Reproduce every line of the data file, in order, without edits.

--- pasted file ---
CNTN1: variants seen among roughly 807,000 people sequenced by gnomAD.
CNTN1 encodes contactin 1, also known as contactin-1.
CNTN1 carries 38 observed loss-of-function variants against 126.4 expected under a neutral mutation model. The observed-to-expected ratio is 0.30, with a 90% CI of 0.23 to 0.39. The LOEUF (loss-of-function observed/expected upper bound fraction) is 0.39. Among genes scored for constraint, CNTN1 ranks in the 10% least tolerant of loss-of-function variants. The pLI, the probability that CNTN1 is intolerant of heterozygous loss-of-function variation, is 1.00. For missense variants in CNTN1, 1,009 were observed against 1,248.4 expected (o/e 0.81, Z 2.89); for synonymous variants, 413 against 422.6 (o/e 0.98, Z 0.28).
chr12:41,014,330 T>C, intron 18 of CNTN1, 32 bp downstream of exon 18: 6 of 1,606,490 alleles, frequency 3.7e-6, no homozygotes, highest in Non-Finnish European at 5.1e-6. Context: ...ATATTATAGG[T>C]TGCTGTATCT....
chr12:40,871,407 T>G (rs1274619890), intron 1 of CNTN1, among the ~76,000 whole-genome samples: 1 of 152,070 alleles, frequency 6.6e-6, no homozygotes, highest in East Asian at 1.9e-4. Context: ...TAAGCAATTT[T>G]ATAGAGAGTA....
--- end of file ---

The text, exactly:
CNTN1: variants seen among roughly 807,000 people sequenced by gnomAD.
CNTN1 encodes contactin 1, also known as contactin-1.
CNTN1 carries 38 observed loss-of-function variants against 126.4 expected under a neutral mutation model. The observed-to-expected ratio is 0.30, with a 90% CI of 0.23 to 0.39. The LOEUF (loss-of-function observed/expected upper bound fraction) is 0.39. Among genes scored for constraint, CNTN1 ranks in the 10% least tolerant of loss-of-function variants. The pLI, the probability that CNTN1 is intolerant of heterozygous loss-of-function variation, is 1.00. For missense variants in CNTN1, 1,009 were observed against 1,248.4 expected (o/e 0.81, Z 2.89); for synonymous variants, 413 against 422.6 (o/e 0.98, Z 0.28).
chr12:41,014,330 T>C, intron 18 of CNTN1, 32 bp downstream of exon 18: 6 of 1,606,490 alleles, frequency 3.7e-6, no homozygotes, highest in Non-Finnish European at 5.1e-6. Context: ...ATATTATAGG[T>C]TGCTGTATCT....
chr12:40,871,407 T>G (rs1274619890), intron 1 of CNTN1, among the ~76,000 whole-genome samples: 1 of 152,070 alleles, frequency 6.6e-6, no homozygotes, highest in East Asian at 1.9e-4. Context: ...TAAGCAATTT[T>G]ATAGAGAGTA....